When it opened, the outlet mall was wildly popular,
as the West Bend News
noted it had “a packed
house” for its grand opening Nov. 3, 1981.
“The parking lot was full.
The
mall
will
hold
14 stores when fully leased
and all but three were open
for the grand opening, with
two of the remaining spaces
already leased,” the article
said.
A story from the archives
of the Washington County
Historical Society that
appeared in the May/June
1994 issue of “Washington
County Business” said
when the mall opened,
“the whole downtown West
Bend was overwhelmed
with success.”
“Busloads of people with
open wallets came from as
away as Minneapolis to
hunt for bargains at the
mall’s 12 outlet stores. Paul
Ronyak, then owner of
the Washington House
Restaurant in downtown
West Bend, reported turning away 50 to 100 people a
day, as roughly 80 percent of
the mall’s customers were
from out of town. As a
Nov. 14, 1981, West Bend

Copyright © 2015 Conley Publishing Group. All Rights Reserved. 11/21/2015

Courtesy Research Center of the
Washington County Historical Society

Brochures like this one highlighting the West Bend
Outlet Mall provided a list of stores and a map to entice
shoppers to the city from all over the Midwest. The outlet mall opened in October 1981 and was connected to
downtown via a climate-controlled enclosed walkway
over the Milwaukee River. The 50,000-square-foot
building was demolished in the mid-2000s.
News article stated, ‘On this
morning, as every morning
since the mall opened two
weeks ago, the 210 parking
stalls
will
be
filled
by 10 a.m.’” the article
continued.
Ray Maus, owner of
Maus Jewelers at 930 S.
Main St., West Bend, operated a kiosk in the center of
the outlet mall for several
years.
“It was very nice but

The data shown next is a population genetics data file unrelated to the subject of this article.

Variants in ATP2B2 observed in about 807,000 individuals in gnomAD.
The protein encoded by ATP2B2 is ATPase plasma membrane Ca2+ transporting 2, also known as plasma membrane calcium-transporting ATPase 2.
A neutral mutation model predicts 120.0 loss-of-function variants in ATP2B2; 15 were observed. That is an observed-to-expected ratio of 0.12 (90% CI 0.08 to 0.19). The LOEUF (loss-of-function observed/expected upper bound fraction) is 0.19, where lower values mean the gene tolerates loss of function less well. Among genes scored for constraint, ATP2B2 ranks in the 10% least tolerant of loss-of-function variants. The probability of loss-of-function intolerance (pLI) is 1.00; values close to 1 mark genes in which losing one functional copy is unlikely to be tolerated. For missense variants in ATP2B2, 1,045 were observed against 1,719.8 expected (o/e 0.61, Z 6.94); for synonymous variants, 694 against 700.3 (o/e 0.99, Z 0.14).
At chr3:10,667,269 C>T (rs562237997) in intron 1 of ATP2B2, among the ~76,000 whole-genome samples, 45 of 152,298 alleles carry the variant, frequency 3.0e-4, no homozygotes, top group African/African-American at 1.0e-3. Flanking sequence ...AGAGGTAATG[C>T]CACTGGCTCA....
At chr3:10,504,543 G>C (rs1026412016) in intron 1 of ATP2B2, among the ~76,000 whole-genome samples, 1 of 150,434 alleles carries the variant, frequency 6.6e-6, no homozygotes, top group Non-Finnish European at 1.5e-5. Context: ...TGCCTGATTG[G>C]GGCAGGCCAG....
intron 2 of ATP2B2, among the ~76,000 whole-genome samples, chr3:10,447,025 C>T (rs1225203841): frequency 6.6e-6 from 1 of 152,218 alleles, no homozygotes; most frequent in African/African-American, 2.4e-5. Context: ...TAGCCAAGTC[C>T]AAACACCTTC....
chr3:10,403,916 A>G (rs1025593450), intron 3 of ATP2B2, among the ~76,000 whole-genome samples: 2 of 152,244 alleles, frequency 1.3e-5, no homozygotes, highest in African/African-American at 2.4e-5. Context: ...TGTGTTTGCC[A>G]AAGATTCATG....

being located in a mall is
expensive,”
Maus
said
Thursday, recalling the
retailer’s perspective of the
outlet mall.
Maus and Dolnick agreed
that while it remained the
only such mall, it couldn’t
help but be successful. But
once other, larger ones
opened near big cities like
Milwaukee, Racine and
Kenosha, the handwriting
was on the wall for the West
Bend outlet mall.
“I think when the outlet
mall in Kenosha opened,
that people decided that it
just wasn’t worth the drive
to come to West Bend,”
Dolnick said.
By
1994,
when
the Washington County
Business article was written, the outlet mall was
breathing its last. The story
points out that in addition
to competition from “mega
outlet malls,” like the
2.2
million-square-foot

Gurnee Mills just south of
the state line in Illinois and
two that were built in
Kenosha,
Highway
45,
which had led directly to the
outlet mall in West Bend,
was rerouted to a four-lane
bypass on the west side of
the city. Another reason for
the outlet mall’s struggle
was that national retailers
like Winona Knits moved
away from the outlet concept to more of an upscale
form of retailing.
West Bend’s Outlet Mall
had only three tenants
remaining when the building was purchased in 1994
by Fields Fine Furniture, a
company that had been on
South Main Street in West
Bend for 64 years and whose
owners, Leonard and Steve
Picus, jumped at the chance
to acquire more space than
the former outlet mall
offered.
That transformation did
not last and a decade later,
the building that had
housed a novel concept in
retailing and had, for a time,
made West Bend a shopping
destination was purchased
by the city and, in 2007,
demolished — leaving only
the “bridge to nowhere” as a
reminder that it had existed
at all.
Reach reporter
Linda McAlpine at
lmcalpine@conleynet.com.

November 22, 2015 2:06 pm

(GMT +6:00) / Powered by TECNAVIA